Every footballer has ups and downs in their career. You won trophies at United but also suffered relegation with the club. To younger generations of football fans, Manchester United being relegated seems impossible but you experienced it for real. Just how would you put that period of your career into words?
“Trust me, even back then no one thought that Manchester United could be relegated. It was only five years since we had won the European Cup.
“Unfortunately, that great side was breaking up and we went on a slide. I’ll never forget the day that our fate was sealed against Manchester City.
“It was a surreal feeling to think that the European Champions of 1968 would be playing in the second division in 1974. It was mind-boggling and it took time to sink in.
“Tommy Docherty then rebuilt the club and we were a very good side that dominated the second division to bounce straight back at the first attempt.
“I have to be honest and say that the second division campaign was unbelievable. It was the most thrilling chapter of my career at Manchester United.
“The football we played was breathtaking and the fans backed us home and away with 100% faith that we would return at the first attempt.
“Everyone in the side contributed. Hill and Coppell were superb on the wings. Greenhoff and Pearson were key as well. Buchan and Nicholl were solid at the back as well, and who could forget Lou Macari?! He was excellent to play alongside.
“The fans still talk about our team from the second division to this day which is special. We honestly had a relentless winning attitude that if the opposition scored two then we would score three or four. We always fancied our chances against any opposition.”
You won the FA Cup with Manchester United in 1977 and were a runner up in 1976 and 1979. The FA Cup was a major focus of the English footballing calendar in that era. How proud were you to play in the cup final at Wembley on three occasions and get your hands on the trophy in ‘77?
“For footballers of my era, they all wanted to play in the FA Cup final. It was the major showpiece occasion of that era with a full day of TV coverage from the BBC.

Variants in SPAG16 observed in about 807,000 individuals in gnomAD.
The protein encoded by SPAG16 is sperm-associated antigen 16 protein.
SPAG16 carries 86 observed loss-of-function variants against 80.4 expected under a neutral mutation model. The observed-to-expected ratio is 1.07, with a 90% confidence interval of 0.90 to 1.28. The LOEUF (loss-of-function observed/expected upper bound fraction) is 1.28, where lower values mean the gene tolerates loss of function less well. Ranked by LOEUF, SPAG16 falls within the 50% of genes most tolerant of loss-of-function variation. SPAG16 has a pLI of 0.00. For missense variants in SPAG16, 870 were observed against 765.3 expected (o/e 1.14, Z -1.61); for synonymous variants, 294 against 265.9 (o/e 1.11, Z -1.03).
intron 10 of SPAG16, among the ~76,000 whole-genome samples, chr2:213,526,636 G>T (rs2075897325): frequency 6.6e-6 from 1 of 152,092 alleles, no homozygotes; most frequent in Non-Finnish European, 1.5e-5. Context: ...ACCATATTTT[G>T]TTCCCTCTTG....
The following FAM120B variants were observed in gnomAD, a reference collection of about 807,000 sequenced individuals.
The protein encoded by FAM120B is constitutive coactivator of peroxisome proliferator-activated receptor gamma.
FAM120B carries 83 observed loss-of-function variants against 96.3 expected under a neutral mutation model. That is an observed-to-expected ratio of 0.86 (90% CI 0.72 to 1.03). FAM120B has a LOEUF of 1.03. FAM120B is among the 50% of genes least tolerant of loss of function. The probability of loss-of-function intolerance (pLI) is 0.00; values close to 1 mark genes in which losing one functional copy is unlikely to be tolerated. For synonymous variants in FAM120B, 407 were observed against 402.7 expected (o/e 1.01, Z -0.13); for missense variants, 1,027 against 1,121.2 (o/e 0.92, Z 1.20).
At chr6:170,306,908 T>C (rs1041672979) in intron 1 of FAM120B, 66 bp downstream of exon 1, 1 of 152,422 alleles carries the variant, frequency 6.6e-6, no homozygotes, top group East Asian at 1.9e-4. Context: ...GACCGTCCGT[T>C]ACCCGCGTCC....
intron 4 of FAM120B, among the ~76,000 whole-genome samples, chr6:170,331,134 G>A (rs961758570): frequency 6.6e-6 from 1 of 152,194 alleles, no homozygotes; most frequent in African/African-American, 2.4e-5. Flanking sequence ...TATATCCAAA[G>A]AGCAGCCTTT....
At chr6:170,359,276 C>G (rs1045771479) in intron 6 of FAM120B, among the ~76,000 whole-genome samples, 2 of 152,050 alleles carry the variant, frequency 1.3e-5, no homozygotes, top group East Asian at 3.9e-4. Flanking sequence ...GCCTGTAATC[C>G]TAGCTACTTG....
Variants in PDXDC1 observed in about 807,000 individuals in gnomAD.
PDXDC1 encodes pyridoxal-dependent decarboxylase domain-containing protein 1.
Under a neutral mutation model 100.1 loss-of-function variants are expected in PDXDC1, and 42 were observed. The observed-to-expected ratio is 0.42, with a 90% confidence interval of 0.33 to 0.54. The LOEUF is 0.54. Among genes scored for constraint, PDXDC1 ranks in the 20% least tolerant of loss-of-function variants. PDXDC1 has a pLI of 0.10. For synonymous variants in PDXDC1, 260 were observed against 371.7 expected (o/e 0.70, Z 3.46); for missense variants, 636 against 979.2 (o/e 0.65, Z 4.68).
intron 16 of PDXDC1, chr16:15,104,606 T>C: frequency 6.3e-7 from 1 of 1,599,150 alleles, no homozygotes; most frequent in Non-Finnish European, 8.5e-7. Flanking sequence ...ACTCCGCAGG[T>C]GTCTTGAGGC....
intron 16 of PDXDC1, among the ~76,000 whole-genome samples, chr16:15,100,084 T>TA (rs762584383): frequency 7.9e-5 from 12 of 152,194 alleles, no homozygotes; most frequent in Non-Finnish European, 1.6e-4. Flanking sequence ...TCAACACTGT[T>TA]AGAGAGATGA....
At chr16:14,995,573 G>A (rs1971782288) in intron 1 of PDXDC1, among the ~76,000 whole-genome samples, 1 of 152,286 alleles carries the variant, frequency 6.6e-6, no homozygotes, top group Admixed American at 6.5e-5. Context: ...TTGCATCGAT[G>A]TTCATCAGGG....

“It was every footballer’s dream. The first division and the European Cup were the pinnacles for a footballer in terms of success as they are today but back then the FA Cup was seen on an almost level footing as those trophies.
“I was lucky to play in three finals even though we only won one of them.
“To beat Liverpool made it even sweeter in 1977. To stop them from winning the treble meant a lot because they were a formidable team at home and abroad in the 70s and 80s.
“Walking out at Wembley in front of 100,000 fans was literally a dream come true for me because I remember being the kid sitting in front of the television mesmerised at just watching those finals.
“To then go on and lift the trophy when the world is watching you is hard to put into words. It is absolutely brilliant and the highlight of anyone’s life and career. I will never forget those memories.”
You represented the club on 419 occasions. That is an incredible feat. How do you reflect on your time at Manchester United as a whole?
“I was privileged to play for Manchester United on so many occasions and I was honestly heartbroken when I left the club under Ron Atkinson.
“I was only 27 at the time and never wanted to leave the football club. I honestly believed that I had a lot of football left in me and that I could contribute to the club going forward.
“Ron had other ideas for whatever reason and unfortunately, I had to leave the club. Looking back, I should have stayed and fought for my place.
“If I was given the opportunity to buckle down, I would have won my place back. Sadly, Atkinson did what he did and said what he said which dented my pride and I left hastily for Stoke City.
“I loved every minute of my time representing Manchester United and I love going back to work at the club on a matchday now. It gives me great joy even today.”